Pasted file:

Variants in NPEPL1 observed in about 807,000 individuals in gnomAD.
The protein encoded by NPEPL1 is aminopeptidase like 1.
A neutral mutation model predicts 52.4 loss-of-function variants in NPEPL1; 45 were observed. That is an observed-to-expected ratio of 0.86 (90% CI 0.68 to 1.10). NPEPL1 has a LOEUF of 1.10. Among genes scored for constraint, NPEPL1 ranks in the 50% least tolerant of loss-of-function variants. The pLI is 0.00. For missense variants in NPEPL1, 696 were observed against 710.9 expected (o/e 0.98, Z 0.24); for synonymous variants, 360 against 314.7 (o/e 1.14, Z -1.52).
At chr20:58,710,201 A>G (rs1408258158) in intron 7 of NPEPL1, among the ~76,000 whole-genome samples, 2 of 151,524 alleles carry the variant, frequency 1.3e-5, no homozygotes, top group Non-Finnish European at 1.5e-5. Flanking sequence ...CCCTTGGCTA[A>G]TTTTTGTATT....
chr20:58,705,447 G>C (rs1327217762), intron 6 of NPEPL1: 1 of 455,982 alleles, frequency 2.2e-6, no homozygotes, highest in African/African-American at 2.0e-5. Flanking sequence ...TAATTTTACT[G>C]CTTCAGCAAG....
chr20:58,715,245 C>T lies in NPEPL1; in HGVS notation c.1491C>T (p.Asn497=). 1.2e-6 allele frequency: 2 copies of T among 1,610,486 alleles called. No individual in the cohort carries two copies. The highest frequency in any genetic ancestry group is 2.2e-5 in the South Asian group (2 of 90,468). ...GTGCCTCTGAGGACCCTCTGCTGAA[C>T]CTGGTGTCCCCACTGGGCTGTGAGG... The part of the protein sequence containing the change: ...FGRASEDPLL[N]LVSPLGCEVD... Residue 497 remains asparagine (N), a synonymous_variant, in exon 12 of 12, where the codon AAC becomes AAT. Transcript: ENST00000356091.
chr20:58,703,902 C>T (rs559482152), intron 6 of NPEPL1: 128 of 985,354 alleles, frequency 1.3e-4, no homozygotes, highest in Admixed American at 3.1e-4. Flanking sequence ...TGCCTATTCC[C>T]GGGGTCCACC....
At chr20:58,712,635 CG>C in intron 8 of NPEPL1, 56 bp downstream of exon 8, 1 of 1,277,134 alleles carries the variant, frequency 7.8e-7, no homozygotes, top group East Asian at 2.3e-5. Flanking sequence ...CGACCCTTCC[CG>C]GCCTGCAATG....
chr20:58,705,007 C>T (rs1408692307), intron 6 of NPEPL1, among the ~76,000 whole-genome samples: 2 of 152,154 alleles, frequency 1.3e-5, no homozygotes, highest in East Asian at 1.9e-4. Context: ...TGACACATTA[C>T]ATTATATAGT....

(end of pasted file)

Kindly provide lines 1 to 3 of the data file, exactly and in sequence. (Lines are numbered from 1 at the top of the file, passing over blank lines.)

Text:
Variants in NPEPL1 observed in about 807,000 individuals in gnomAD.
The protein encoded by NPEPL1 is aminopeptidase like 1.
A neutral mutation model predicts 52.4 loss-of-function variants in NPEPL1; 45 were observed. That is an observed-to-expected ratio of 0.86 (90% CI 0.68 to 1.10). NPEPL1 has a LOEUF of 1.10. Among genes scored for constraint, NPEPL1 ranks in the 50% least tolerant of loss-of-function variants. The pLI is 0.00. For missense variants in NPEPL1, 696 were observed against 710.9 expected (o/e 0.98, Z 0.24); for synonymous variants, 360 against 314.7 (o/e 1.14, Z -1.52).